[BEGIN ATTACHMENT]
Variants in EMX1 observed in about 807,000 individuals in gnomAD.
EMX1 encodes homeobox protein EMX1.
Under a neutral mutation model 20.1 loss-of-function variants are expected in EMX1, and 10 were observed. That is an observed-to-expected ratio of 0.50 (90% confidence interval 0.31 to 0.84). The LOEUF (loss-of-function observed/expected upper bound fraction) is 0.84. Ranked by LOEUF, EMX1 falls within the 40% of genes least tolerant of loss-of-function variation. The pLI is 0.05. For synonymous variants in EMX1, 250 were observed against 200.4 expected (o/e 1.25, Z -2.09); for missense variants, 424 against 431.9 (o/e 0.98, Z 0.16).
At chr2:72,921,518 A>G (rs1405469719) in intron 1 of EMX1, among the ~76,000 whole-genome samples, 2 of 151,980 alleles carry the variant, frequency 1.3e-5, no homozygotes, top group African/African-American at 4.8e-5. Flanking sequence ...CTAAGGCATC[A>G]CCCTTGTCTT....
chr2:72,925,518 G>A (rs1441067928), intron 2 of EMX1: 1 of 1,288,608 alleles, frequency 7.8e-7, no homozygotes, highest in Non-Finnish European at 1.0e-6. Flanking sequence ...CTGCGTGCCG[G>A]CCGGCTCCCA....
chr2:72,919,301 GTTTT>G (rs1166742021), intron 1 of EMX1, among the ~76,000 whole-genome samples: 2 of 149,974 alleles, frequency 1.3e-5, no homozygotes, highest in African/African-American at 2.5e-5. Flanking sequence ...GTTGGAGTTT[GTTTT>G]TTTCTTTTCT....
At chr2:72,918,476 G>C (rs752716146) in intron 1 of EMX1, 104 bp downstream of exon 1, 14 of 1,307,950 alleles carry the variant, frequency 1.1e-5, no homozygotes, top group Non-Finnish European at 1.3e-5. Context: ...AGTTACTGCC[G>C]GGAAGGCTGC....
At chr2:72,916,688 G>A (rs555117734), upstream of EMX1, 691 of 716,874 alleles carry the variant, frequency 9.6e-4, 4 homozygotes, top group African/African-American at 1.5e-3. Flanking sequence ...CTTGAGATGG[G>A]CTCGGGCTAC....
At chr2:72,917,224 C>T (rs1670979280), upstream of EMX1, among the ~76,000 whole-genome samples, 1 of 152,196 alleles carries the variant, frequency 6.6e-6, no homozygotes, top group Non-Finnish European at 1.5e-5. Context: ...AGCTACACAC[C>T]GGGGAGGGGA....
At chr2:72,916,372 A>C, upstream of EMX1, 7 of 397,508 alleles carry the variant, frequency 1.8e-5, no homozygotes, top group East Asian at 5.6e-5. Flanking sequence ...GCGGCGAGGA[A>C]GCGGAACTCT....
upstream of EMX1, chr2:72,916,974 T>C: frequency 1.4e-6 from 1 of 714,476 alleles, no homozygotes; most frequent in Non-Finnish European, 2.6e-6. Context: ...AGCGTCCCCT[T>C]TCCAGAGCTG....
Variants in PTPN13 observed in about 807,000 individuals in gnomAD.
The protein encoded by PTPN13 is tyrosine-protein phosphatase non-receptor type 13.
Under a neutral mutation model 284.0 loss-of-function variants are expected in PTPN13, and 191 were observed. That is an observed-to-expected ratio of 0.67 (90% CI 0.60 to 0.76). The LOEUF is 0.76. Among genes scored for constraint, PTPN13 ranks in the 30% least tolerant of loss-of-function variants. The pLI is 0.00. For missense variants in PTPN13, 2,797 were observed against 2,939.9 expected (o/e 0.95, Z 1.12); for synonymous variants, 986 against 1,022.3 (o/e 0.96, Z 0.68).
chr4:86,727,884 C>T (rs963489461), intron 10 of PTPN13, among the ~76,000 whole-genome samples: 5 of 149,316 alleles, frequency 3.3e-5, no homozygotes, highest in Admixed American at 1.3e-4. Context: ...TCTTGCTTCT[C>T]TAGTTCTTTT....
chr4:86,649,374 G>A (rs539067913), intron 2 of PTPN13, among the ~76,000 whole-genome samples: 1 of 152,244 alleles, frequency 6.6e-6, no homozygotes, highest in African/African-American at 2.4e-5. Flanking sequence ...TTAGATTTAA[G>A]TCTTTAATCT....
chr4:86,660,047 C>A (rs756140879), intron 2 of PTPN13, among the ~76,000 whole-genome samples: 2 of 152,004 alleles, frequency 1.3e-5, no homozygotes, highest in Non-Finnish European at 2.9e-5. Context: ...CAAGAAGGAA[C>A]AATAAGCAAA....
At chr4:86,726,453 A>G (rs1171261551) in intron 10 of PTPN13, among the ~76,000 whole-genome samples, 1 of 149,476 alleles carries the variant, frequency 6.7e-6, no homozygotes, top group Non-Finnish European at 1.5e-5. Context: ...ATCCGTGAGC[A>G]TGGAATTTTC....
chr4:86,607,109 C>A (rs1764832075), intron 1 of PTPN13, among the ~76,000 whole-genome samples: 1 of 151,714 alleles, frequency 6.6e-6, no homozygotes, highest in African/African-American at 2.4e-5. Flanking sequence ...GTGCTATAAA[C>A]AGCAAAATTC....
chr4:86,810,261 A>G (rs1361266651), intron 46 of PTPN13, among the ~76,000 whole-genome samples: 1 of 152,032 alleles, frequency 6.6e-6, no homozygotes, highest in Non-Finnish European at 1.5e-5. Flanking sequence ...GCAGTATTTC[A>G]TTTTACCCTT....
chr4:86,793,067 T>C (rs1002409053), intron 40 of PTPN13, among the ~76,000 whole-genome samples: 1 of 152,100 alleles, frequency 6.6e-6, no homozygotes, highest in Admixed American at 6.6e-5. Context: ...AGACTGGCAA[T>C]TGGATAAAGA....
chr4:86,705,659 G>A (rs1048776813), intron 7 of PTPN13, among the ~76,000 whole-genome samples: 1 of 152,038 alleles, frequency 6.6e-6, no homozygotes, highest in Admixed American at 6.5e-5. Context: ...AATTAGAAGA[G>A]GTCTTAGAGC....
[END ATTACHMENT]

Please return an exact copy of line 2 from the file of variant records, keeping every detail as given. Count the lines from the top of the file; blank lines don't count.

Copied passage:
EMX1 encodes homeobox protein EMX1.